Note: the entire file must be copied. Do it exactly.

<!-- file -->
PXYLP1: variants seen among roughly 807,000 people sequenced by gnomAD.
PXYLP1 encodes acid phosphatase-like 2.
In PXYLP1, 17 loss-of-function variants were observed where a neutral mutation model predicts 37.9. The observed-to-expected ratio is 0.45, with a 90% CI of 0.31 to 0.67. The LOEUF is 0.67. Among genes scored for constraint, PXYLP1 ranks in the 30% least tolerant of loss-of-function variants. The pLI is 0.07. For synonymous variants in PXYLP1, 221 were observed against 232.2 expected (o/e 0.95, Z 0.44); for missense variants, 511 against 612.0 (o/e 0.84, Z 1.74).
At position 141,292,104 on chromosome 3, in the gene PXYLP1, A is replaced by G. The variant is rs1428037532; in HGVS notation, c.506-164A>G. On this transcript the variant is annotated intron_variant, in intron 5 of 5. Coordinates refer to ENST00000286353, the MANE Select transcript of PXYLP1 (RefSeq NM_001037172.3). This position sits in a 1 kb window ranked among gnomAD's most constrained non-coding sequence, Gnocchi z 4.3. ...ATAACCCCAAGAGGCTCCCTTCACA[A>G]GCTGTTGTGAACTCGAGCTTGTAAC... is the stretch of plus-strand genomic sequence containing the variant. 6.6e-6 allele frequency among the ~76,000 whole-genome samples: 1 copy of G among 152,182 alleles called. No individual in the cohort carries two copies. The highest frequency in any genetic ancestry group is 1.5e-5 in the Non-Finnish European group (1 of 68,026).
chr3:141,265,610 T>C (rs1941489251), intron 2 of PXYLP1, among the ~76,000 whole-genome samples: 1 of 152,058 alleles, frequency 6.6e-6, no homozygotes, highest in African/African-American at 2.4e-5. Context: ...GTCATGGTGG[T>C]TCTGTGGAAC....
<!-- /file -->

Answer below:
PXYLP1: variants seen among roughly 807,000 people sequenced by gnomAD.
PXYLP1 encodes acid phosphatase-like 2.
In PXYLP1, 17 loss-of-function variants were observed where a neutral mutation model predicts 37.9. The observed-to-expected ratio is 0.45, with a 90% CI of 0.31 to 0.67. The LOEUF is 0.67. Among genes scored for constraint, PXYLP1 ranks in the 30% least tolerant of loss-of-function variants. The pLI is 0.07. For synonymous variants in PXYLP1, 221 were observed against 232.2 expected (o/e 0.95, Z 0.44); for missense variants, 511 against 612.0 (o/e 0.84, Z 1.74).
At position 141,292,104 on chromosome 3, in the gene PXYLP1, A is replaced by G. The variant is rs1428037532; in HGVS notation, c.506-164A>G. On this transcript the variant is annotated intron_variant, in intron 5 of 5. Coordinates refer to ENST00000286353, the MANE Select transcript of PXYLP1 (RefSeq NM_001037172.3). This position sits in a 1 kb window ranked among gnomAD's most constrained non-coding sequence, Gnocchi z 4.3. ...ATAACCCCAAGAGGCTCCCTTCACA[A>G]GCTGTTGTGAACTCGAGCTTGTAAC... is the stretch of plus-strand genomic sequence containing the variant. 6.6e-6 allele frequency among the ~76,000 whole-genome samples: 1 copy of G among 152,182 alleles called. No individual in the cohort carries two copies. The highest frequency in any genetic ancestry group is 1.5e-5 in the Non-Finnish European group (1 of 68,026).
chr3:141,265,610 T>C (rs1941489251), intron 2 of PXYLP1, among the ~76,000 whole-genome samples: 1 of 152,058 alleles, frequency 6.6e-6, no homozygotes, highest in African/African-American at 2.4e-5. Context: ...GTCATGGTGG[T>C]TCTGTGGAAC....